In those dating days before Oliver showed his face, if Michael and I couldn't find a ready home for a certain stray, he would take in the random fur-ball himself (my Greektown landlord, who lived next door, would not allow such shenanigans). In observing his seemingly endless animal generosity, I grew to think of Michael as a soul mate, as much as I'd always hated that term. I fantasized about marrying him, a first for me. And yet our differences distracted me late at night. I mean, he was two entire decades ahead of me, more set in his ways than I, and he always used freaking two-for-one coupons at restaurants. Could our relationship last even the length of one elder cat's remaining life?

The Saturday I finished clearing out my literal garret in Greektown to move into Michael's roomier apartment in affluent Roland Park, I felt almost as apprehensive about merging our respective cat households (my two plus his currently expanded foursome) as I did about invading Michael's clutter-free bachelor pad with my paintings and books. My tuxedos, Stan and Grace, would be forced to lay claim to their own sofa cushions on Yuri, Speedy, Peanut and Bugsy's home terrain. And I would be forced to find a way to get Michael to eliminate his vintage-baseball-card-themed bathroom décor.

"You have to get in there and make the place yours, too," Jowita told me on a nighttime run.

"Without crowding him," I said.

Then, as we loaded the last box of my junk into Jowita and her husband Chad's Subaru wagon, I glimpsed for the third time that week the dirty, burly orange stray I'd begun feeding. Late, late at night he'd cried in the street, pacing up and down like a restless boxer -- or like a child lost in the supermarket. Today, moving day, he wasn't a fighter but an orange clump of wet fur wallowing in the gutter, his broken tail resembling an old coat hanger.

"The orange guy is back!" I screamed in Michael's direction, but he was organizing the trunk and didn't hear me. "I was afraid he might be dead."

"Let it go," said Chad. "Let. It. Go."

Tears in my eyes, I couldn't.

"Mr. O!" I called running for my worse-for-wear friend.

In O's weakened condition, Michael and I were able to cage him easily. We added him to the assortment of boxes in my own car. He was too wounded to speak up. As we drove to Roland Park we agreed: We'd take him to the vet Monday morning.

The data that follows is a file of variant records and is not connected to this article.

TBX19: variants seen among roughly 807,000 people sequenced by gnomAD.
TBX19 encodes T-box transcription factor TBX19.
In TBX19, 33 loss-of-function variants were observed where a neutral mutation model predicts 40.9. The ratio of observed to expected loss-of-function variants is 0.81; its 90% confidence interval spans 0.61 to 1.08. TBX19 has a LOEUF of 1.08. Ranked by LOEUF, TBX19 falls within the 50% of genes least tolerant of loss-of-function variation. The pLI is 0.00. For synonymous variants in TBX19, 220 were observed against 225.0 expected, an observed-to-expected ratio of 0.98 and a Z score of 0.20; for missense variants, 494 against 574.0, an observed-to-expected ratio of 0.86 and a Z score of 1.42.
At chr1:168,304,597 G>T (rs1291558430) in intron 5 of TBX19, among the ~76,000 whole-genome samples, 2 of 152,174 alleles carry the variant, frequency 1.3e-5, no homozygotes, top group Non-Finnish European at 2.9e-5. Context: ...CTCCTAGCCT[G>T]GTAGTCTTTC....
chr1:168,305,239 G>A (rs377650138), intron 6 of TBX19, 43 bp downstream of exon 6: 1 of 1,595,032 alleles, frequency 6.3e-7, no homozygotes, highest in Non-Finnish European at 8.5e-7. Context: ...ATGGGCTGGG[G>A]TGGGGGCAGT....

Making the single-guy space halfway my own was one thing. Moving in with Michael was also stressful for me because we were suddenly sharing the expenses of running a home, and Michael was the most frugal person I'd ever met -- more frugal than Jowita, whose bargain-hunting brought great gifts to my life, like a free antique sofa in mint condition and yoga classes bought for almost nothing in a bundle. Michael kept a special accordion folder, a plastic relic from the '80s, on his desk, filling it weekly with specials on everything he needed for basic survival -- jasmine rice, cans of black beans, whole milk, toothpaste, cat food, toilet paper -- and nothing he didn't.

Once, he watched the specials and bought 25 Yoplait yogurts for $2.50 plus tax. He stocked a storage closet with dozens of bottles of Suave shampoo and generic saline solution bought at a radical going-out-of-business sale; he didn't run the AC unit his landlord supplied in summertime in muggy Baltimore. (Rising temps didn't bother him enough to add a $75 fee to the rent.) My least favorite, but it should be submitted: When his dental floss ran low, he rationed and rinsed one piece for two days' use.

Meanwhile, he lived in a chic and sunny second-floor apartment on tree-lined Roland Avenue, nestled among old clapboard mansions -- he worked as a freelance writer when he felt like it and cared for his aged mother in her home. He looked astronomically younger than his years because he ate only vegetables, grains, legumes and yogurt. Frugality, not fruit, it turned out, was his secret to health and handsomeness.

While I admired his discipline, Michael's penny-pinching also put me off. I wasted money all the time; I came from a long line of wasters -- in my family, we'd sooner buy a movie ticket and a bucket of popcorn than an overdue oil change. Carpe diem and pass the six-dollar soda.